The tails also serve as advertising for the manufacturer.
Each manufacturer had a variety of shapes and sizes of tails and blades.
Some painted colorfully.
More symmetry – this time from the windmill blades.
The water windmill allowed farms with no electrical power to be able to pump water in the vast remote regions of the midwest.
The gears in the wheel assembly would turn the hub attached to the long pump rod inside of the pipe in the well.
This up and down motion pulls the water up.
These simple, elegant machines were the lifeline of the country.
A close up of the wheel mechanisms.
A wheel made to look like a Native American head dress.
An overview of the collection. Note the different manufacturers on the tails.
The museum also featured a small covered bridge.
The post mill stands out in the crowd.
Ironically the fountain in the water uses a modern electric pump, not the windmills. And the outhouse is just for decoration.
One final look at the collection of windmills at the Mid American Windmill Museum in Kendallville, Indiana.
Our day ended in Jersey City with a stop at Liberty State Park. As we entered we paid our respects at the 9-11 Memorial. With the late afternoon sun and lack of crowds it was a moving moment to see the names of those who lost their lives that day.
Nearby is the iconic view of lower Manhattan.
The former Jersey City rail station continue to be refurbished.
There were numerous sailboats out in the harbor.
Including a large sailboat for tourists.
The last of the day’s Statue of Liberty cruises was returning.
Later we were treated to a great full moon over Manhattan.
If you are in New England and you want to go to Long Island you can either make the drive to New York City and backtrack back out the island, or you can take a cross sound ferry.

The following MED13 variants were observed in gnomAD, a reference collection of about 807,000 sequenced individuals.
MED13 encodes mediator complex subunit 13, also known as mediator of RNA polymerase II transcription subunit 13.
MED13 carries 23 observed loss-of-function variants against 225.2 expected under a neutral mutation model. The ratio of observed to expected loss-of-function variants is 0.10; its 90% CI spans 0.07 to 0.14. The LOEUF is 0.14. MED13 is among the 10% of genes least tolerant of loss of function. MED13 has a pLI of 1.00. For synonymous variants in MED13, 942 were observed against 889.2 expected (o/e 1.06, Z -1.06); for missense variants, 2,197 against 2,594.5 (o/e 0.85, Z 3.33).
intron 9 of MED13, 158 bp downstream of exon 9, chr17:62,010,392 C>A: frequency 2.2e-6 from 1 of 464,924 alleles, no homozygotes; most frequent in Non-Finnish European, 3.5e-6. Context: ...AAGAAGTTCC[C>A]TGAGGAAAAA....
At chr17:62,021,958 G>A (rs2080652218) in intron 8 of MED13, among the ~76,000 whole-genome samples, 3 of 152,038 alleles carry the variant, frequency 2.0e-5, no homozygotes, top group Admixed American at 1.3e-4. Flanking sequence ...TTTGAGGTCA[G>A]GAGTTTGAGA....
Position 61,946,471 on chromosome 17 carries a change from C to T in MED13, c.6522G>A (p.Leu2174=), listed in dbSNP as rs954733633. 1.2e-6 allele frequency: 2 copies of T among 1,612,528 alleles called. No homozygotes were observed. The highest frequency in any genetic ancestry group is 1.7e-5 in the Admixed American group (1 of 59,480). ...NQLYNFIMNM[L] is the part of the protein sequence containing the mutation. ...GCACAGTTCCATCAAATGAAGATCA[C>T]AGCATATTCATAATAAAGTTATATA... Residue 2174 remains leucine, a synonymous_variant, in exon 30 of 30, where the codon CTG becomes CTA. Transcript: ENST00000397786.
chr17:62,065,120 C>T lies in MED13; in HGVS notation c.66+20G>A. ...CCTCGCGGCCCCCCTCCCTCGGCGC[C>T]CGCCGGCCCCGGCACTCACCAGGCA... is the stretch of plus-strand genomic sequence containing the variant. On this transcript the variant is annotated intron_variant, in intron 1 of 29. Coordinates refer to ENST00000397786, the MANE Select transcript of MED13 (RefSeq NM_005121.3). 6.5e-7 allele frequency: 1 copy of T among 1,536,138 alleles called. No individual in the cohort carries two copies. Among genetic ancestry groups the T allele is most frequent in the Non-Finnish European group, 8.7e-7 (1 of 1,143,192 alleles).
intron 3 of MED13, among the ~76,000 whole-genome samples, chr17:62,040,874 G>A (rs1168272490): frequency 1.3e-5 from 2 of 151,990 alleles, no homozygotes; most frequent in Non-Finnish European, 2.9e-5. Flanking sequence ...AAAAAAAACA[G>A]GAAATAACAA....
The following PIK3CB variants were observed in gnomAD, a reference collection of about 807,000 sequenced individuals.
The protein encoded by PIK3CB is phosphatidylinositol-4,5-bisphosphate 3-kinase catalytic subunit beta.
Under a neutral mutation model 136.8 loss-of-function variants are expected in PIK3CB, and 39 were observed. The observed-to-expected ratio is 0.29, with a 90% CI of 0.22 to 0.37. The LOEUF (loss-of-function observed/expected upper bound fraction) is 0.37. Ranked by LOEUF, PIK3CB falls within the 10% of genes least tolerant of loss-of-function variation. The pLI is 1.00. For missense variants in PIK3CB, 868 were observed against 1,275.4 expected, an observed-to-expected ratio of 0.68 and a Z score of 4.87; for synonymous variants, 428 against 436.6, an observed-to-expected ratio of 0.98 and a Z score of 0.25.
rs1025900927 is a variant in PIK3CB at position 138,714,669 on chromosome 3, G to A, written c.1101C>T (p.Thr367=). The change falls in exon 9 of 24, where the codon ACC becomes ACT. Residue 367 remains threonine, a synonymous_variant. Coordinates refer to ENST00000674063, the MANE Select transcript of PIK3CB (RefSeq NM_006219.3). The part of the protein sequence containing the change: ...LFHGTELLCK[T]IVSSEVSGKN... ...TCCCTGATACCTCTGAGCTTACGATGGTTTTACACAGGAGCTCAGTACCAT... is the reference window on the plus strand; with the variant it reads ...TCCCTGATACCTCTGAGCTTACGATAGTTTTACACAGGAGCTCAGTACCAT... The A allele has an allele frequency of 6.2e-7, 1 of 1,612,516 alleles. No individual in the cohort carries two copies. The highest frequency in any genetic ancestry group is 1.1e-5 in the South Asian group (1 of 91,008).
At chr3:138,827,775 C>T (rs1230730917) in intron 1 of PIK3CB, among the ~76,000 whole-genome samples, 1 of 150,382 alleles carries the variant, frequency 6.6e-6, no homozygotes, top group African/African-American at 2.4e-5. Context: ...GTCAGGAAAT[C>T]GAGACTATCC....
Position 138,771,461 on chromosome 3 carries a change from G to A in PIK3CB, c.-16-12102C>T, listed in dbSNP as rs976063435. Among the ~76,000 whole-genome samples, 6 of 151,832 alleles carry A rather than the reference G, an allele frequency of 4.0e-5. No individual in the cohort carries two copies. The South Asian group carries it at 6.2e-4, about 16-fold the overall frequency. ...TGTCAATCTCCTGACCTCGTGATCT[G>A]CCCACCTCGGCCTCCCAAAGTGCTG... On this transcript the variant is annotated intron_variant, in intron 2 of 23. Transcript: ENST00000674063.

We made a choice to take the ferry from New London, Connecticut to Orient Point, New York. With a full day in Boston, we showed up in New London in the early evening and spent the night before taking the 1st ferry of the morning.
We spent our evening in New London having dinner (an interesting experience at Tony D’s Italian restaurant) and walked the downtown area, where it was apparent the architectural firm that designed the library was the same one who had designed the Waterworks in Boston, as the buildings had a strong resemblance.
The schooner Amistad is docked in the harbor.
While along the harbor front is a row of American flags.
A fountain celebrates the whaling history of the city.
The New London Union Rail Station was designed by Henry Hobson Richardson in the late 1800s.
A centerpiece for the town is a schoolhouse that Nathan Hale taught at before the Revolutionary War.
The next morning we caught the ferry out of town. It offered a nice overview as we left.
Including the impressive interstate bridge over the Thames River.
Past the lighthouse and into the Long Island Sound.
We were on the slow ferry since we had the car with us. Soon the passenger only Sea Jet ferry caught us and passed us in their 40 minute crossing, whereas ours took 80 minutes. But soon we were on Long Island and continued our trip.